It is precisely the immediacy of psychedelics McKenna notes, coupled with their ability to catalyze and facilitate experiences of a transpersonal nature, which makes them a fascinating area of study in terms of the relationship between human beings and what we commonly refer to as the environment. As my own experience in the forest illustrates, psychedelics have the potential to alter human perceptions of the natural world and consequently transform humanity’s relationship with the environment.
The Norwegian philosopher Arne Naess coined the term deep ecology when in 1972 he delivered a lecture titled “The Shallow and the Deep, Long-Range Ecology Movement.” Naess’s goal was to establish a movement grounded in personal exploration and deep questioning about the most basic tenets of what it means to be a human being in a world of nonhuman beings. Naess’s deep ecology philosophy is a way of thinking about the world, relating to it and interacting with it. As such, it employs two primary principles or ultimate norms: self-realization and biocentric equality. By self-realization, Naess does not refer to narrow, ego-realization in the traditional Western sense of the term, but rather to a realization of the self within a greater self; or, the self within and contained by the Self. The principle of biocentric equality espouses that all entities on Earth possess intrinsic worth, moving away from notions of anthropocentrism or human chauvinism.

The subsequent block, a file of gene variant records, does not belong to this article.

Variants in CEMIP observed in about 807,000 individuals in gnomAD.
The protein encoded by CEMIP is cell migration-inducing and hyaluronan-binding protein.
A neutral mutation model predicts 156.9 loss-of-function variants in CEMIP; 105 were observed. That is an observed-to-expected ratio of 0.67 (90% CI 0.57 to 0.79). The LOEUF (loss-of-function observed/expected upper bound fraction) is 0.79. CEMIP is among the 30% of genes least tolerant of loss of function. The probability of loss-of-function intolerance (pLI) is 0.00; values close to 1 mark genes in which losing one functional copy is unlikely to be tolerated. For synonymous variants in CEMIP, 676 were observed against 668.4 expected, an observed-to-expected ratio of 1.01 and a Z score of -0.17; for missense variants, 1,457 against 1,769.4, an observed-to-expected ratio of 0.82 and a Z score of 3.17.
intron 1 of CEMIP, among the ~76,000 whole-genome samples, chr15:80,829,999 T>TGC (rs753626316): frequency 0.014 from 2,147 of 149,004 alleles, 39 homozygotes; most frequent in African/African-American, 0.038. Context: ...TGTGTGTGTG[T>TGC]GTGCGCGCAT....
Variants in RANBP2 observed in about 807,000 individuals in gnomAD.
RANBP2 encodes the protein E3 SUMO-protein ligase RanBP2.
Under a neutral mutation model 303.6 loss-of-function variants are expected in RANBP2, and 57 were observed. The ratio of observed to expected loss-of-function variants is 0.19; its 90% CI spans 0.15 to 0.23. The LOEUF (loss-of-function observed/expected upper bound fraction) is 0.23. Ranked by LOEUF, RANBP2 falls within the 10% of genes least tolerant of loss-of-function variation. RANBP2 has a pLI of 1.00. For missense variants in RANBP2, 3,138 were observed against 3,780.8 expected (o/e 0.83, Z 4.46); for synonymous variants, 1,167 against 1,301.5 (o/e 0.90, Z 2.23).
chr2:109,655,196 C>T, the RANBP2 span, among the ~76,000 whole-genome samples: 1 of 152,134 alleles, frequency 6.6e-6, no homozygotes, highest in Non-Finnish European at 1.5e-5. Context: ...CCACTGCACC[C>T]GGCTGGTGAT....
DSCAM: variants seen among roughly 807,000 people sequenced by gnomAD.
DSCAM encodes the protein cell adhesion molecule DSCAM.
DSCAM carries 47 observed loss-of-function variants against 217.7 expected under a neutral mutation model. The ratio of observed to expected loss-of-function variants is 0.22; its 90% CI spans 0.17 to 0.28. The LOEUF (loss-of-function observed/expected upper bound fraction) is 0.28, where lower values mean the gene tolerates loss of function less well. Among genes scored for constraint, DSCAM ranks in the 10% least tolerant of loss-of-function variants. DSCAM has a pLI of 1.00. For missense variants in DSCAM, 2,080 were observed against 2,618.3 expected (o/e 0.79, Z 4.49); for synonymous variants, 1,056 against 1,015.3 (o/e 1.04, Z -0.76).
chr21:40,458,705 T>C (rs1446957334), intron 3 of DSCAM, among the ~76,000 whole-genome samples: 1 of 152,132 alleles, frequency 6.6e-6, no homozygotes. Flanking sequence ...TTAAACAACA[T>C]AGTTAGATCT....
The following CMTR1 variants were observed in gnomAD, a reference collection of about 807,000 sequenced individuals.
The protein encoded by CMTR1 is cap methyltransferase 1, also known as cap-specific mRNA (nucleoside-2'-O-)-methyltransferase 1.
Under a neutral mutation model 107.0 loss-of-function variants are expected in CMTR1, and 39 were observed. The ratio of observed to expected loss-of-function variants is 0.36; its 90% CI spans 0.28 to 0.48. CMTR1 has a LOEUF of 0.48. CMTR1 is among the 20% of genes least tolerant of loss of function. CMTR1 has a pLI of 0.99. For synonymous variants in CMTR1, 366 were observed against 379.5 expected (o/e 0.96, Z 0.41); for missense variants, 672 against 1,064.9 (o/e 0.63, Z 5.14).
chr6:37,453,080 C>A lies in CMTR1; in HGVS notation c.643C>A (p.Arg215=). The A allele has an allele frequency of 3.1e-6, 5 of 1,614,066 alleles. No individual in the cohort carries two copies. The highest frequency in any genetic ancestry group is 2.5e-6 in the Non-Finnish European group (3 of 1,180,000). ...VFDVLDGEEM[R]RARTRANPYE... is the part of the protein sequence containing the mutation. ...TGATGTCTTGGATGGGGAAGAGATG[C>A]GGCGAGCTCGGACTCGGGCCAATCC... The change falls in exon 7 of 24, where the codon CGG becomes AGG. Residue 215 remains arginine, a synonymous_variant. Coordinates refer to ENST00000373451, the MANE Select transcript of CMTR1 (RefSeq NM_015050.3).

The philosopher and ethicist Warwick Fox refined Naess’s framework in his 1995 book Toward a Transpersonal Ecology, concluding that Naess’s fundamental notion of deep ecology is best articulated as a transpersonal ecology wherein human beings realize identification and unity with the natural world via transpersonal experience. Identification and unity are achieved during a transpersonal experience, Fox says, by maintaining as expansive a sense of self as possible. This expansive sense of self goes beyond one’s egoic or biographical sense of self to encompass all entities on Earth, thus forming a definition of self that includes rivers, grasses, gophers, other humans, mountains, trees, banana slugs and the whole lot of the natural world. Barring a desire for self destruction, human beings who are able to realize the unified totality of nature and extend their sense of self to include all entities on the Earth as Fox and Naess suggest, are much less likely to be complicit in its exploitation and ruination.